Last Friday a colleague and I presented at the 2014 Minnesota Social Services Association conference in Minneapolis. In this presentation I introduced a small-scale project management practice for the audience to adopt in their own work. The purpose of this small-scale practice is to encourage people to begin using project management to help make them more effective in their work without having to incur a lot of overhead managing their project documentation.

Here is a copy of our presentation...

Wednesday, February 19, 2014

Enterprise Resource Planning's Role in Intellectual Captial

While teaching an intellectual capital management course I noticed some confusion are having over the role of enterprise resource planning (ERP) systems in intellectual capital. Some students are incorrectly categorizing ERP systems as a type of intellectual capital system; more specifically, a type of business intelligence (BI) system. In this post I will explain the relationship of ERP systems to intellectual capital systems in terms of the organization's processes as intellectual capital and as a type of BI system.

First, the role of ERP systems as an intellectual capital system for managing the organization's processes. One form of an organization's intellectual capital assets is its processes. The knowledge of these processes can be a strategic asset for the organization. ERP systems are used to standardize processes across the organization and this is where some confusion may exist. While ERP systems facilitate process standardization, these systems require adoption of more generic processes rather than unique processes organizations use to gain strategic advantage. The ERP systems are not used to develop innovative processes but rather the adoption of common processes and therefore are not contributing to the strategic process intellectual capital of the organization.

Secondly, the role of ERP systems as a type of BI system for supporting the development of new knowledge within the organization. ERP systems are transaction processing systems (TPS) used to conduct operational business in the organization. These systems yield large quantities of transactional data and this data can be used as an input source to enterprise data warehouses. However, the ERP systems themselves are not classified as a BI system since their primary role is transactional rather than informational. Additional tools can be used to make use of the transactional data but ERP systems are considered transactional systems with the potential of supporting BI practices.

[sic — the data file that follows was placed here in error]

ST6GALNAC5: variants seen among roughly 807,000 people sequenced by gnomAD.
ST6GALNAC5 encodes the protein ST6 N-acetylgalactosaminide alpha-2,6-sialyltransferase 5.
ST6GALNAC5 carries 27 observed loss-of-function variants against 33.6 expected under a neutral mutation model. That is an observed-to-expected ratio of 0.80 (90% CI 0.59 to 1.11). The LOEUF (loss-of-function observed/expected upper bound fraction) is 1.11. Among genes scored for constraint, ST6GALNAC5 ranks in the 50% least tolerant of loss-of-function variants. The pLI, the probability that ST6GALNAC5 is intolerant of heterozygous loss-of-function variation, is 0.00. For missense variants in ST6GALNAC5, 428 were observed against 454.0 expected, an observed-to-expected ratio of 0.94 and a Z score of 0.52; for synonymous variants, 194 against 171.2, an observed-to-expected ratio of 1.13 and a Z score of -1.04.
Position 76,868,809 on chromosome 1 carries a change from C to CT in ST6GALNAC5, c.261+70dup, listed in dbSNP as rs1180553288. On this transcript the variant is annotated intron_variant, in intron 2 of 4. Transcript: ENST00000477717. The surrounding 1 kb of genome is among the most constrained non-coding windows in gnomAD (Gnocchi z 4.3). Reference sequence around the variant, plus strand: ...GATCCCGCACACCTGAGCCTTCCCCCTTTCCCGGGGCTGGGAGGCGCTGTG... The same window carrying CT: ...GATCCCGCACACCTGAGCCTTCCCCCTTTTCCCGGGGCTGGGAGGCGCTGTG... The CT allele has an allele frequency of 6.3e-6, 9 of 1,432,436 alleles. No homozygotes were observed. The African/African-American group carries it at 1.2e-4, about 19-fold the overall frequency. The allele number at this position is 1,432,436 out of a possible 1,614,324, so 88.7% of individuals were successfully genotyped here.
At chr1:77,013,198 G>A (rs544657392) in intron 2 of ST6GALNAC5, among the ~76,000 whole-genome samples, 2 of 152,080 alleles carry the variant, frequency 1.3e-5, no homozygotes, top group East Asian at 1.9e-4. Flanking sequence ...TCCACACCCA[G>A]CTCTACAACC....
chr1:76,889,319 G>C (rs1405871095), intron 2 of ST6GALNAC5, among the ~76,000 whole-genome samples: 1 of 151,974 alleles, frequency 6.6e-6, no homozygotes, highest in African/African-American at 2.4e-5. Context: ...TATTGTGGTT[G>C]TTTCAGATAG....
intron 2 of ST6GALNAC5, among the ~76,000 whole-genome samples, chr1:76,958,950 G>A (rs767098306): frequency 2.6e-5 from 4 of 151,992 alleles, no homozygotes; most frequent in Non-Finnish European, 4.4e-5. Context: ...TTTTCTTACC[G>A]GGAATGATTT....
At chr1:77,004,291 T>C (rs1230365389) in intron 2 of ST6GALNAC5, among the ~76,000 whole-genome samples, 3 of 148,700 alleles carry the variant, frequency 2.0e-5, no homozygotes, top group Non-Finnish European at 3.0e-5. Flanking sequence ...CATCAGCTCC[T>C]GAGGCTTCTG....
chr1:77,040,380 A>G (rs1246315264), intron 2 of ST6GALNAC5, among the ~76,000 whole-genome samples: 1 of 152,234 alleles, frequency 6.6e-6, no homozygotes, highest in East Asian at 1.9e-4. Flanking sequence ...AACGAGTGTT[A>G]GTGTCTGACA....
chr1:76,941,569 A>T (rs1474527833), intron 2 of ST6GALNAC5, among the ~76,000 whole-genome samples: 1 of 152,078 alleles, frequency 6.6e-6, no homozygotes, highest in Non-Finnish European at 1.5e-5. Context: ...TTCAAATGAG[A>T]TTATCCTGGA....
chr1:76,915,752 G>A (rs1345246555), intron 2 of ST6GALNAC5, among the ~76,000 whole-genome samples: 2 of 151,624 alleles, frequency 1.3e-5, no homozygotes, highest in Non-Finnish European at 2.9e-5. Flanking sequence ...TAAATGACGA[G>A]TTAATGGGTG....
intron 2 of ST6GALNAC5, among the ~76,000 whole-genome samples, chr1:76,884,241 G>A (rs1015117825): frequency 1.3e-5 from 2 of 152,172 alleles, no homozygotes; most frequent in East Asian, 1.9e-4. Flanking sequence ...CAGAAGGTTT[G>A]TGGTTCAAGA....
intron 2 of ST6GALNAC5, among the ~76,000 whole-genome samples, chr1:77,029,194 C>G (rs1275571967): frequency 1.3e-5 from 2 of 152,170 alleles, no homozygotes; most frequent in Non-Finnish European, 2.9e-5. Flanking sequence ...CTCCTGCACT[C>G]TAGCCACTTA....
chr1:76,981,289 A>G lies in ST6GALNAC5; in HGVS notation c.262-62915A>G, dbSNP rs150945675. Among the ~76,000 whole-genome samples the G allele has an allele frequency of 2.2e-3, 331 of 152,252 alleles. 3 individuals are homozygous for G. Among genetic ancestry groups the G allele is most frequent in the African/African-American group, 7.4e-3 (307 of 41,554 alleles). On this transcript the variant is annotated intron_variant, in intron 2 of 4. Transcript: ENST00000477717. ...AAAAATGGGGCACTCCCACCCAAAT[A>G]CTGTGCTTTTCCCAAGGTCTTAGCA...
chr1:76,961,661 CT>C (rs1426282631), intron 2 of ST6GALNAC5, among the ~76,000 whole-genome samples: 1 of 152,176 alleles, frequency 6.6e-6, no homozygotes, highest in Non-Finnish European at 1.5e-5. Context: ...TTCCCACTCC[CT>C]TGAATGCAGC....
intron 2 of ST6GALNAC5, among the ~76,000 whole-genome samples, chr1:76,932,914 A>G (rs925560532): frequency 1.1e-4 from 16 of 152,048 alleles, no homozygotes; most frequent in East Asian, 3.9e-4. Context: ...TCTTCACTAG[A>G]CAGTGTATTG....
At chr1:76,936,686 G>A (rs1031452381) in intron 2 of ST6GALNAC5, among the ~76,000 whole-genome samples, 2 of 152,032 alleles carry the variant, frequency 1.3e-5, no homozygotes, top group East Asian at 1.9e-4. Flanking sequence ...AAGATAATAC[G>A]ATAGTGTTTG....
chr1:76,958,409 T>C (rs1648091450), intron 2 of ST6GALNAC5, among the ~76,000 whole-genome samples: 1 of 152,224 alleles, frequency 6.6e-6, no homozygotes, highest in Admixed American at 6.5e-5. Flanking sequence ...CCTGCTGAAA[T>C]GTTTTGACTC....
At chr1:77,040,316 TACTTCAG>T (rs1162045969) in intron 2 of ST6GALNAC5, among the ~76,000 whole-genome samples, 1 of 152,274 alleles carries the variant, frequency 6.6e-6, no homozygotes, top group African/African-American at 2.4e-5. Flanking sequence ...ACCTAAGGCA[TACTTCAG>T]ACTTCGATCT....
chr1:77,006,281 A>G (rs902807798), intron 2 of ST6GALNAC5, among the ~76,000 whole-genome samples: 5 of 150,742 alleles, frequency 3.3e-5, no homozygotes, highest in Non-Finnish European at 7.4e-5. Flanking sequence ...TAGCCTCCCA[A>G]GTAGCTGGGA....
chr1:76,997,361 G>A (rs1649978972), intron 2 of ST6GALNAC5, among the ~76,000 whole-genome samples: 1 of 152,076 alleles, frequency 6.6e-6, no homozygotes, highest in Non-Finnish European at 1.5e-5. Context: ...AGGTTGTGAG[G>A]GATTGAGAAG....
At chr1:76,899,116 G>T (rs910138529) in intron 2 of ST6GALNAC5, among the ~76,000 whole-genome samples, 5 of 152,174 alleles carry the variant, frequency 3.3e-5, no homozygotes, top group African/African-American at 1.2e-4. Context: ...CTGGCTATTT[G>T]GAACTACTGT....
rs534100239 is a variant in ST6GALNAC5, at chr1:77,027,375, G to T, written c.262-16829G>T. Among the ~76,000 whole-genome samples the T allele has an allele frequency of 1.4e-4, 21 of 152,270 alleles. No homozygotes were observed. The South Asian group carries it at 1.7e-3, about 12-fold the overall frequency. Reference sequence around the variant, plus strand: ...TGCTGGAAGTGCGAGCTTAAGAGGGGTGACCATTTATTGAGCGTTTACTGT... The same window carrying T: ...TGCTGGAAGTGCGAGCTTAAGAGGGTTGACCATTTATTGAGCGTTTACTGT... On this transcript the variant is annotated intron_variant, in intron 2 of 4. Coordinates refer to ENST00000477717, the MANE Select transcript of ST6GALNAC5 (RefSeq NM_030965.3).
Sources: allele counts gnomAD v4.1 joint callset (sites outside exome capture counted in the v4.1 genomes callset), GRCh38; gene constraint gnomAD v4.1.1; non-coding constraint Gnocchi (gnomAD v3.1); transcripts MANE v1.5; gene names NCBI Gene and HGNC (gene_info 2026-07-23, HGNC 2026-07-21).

It is clear that ERP systems contribute to developing an organization's intellectual capital but these systems are not intellectual capital systems by themselves. Organizational knowledge is very much associated with the development and implementation of these systems but, once in production, these systems primarily serve as transactional systems.

Wednesday, February 12, 2014

Differences between Business Intelligence and Knowledge Management

I'm teaching a course where we discuss different forms of managing and applying an organization's intellectual capital. Over the past two weeks I noticed the students experiencing some confusion over the difference between knowledge management (KM) systems and business intelligence (BI) systems. Although I have previously posted my mind mind map depicting an ontology for intellectual capital, it is not sufficiently clear how we differentiate between KM and BI. The two concepts are a part of the intellectual capital ontology and related but are also different.

While both KM and BI are used to support decision making they differ in the type of raw materials used, the processes to develop knowledge, and the type of knowledge developed. I like the models Sabherwal and Becerra-Fernandez presented to illustrate each of these. The diagram below is my adaptation of these models.

Viewing these diagrams we can see that both KM and BI use data to develop knowledge and this knowledge is applied to decision making. However, BI systems primarily use data to generate information which can be applied to generate knowledge and this knowledge is primarily developed as explicit knowledge. KM on the other hand, uses both data and information to develop knowledge and this knowledge is further developed to create new knowledge. The knowledge developed in KM applications consists of both tacit and explicit knowledge.